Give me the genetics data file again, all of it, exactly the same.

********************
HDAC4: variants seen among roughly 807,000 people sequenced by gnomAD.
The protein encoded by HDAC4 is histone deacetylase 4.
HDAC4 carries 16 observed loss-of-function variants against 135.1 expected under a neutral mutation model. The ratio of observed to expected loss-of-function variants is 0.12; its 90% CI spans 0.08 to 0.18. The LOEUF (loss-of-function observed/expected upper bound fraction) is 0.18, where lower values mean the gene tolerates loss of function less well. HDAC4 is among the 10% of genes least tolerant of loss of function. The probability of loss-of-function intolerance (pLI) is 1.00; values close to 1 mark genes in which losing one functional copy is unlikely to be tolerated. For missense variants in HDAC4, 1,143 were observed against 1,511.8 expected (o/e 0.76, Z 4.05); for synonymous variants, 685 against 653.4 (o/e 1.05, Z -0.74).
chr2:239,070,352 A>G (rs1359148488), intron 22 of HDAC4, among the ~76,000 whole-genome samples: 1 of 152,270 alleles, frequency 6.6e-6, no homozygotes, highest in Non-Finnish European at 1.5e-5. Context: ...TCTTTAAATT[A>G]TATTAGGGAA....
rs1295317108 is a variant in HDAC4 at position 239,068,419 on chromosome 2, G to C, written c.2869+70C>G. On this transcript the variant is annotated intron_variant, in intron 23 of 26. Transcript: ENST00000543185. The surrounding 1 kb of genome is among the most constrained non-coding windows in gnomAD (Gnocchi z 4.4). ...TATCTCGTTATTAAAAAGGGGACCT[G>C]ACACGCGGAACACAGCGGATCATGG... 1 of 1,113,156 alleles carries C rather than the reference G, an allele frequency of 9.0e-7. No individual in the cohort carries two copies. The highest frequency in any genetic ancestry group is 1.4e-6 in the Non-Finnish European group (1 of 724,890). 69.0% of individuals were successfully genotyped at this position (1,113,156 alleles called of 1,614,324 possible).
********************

HDAC4: variants seen among roughly 807,000 people sequenced by gnomAD.
The protein encoded by HDAC4 is histone deacetylase 4.
HDAC4 carries 16 observed loss-of-function variants against 135.1 expected under a neutral mutation model. The ratio of observed to expected loss-of-function variants is 0.12; its 90% CI spans 0.08 to 0.18. The LOEUF (loss-of-function observed/expected upper bound fraction) is 0.18, where lower values mean the gene tolerates loss of function less well. HDAC4 is among the 10% of genes least tolerant of loss of function. The probability of loss-of-function intolerance (pLI) is 1.00; values close to 1 mark genes in which losing one functional copy is unlikely to be tolerated. For missense variants in HDAC4, 1,143 were observed against 1,511.8 expected (o/e 0.76, Z 4.05); for synonymous variants, 685 against 653.4 (o/e 1.05, Z -0.74).
chr2:239,070,352 A>G (rs1359148488), intron 22 of HDAC4, among the ~76,000 whole-genome samples: 1 of 152,270 alleles, frequency 6.6e-6, no homozygotes, highest in Non-Finnish European at 1.5e-5. Context: ...TCTTTAAATT[A>G]TATTAGGGAA....
rs1295317108 is a variant in HDAC4 at position 239,068,419 on chromosome 2, G to C, written c.2869+70C>G. On this transcript the variant is annotated intron_variant, in intron 23 of 26. Transcript: ENST00000543185. The surrounding 1 kb of genome is among the most constrained non-coding windows in gnomAD (Gnocchi z 4.4). ...TATCTCGTTATTAAAAAGGGGACCT[G>C]ACACGCGGAACACAGCGGATCATGG... 1 of 1,113,156 alleles carries C rather than the reference G, an allele frequency of 9.0e-7. No individual in the cohort carries two copies. The highest frequency in any genetic ancestry group is 1.4e-6 in the Non-Finnish European group (1 of 724,890). 69.0% of individuals were successfully genotyped at this position (1,113,156 alleles called of 1,614,324 possible).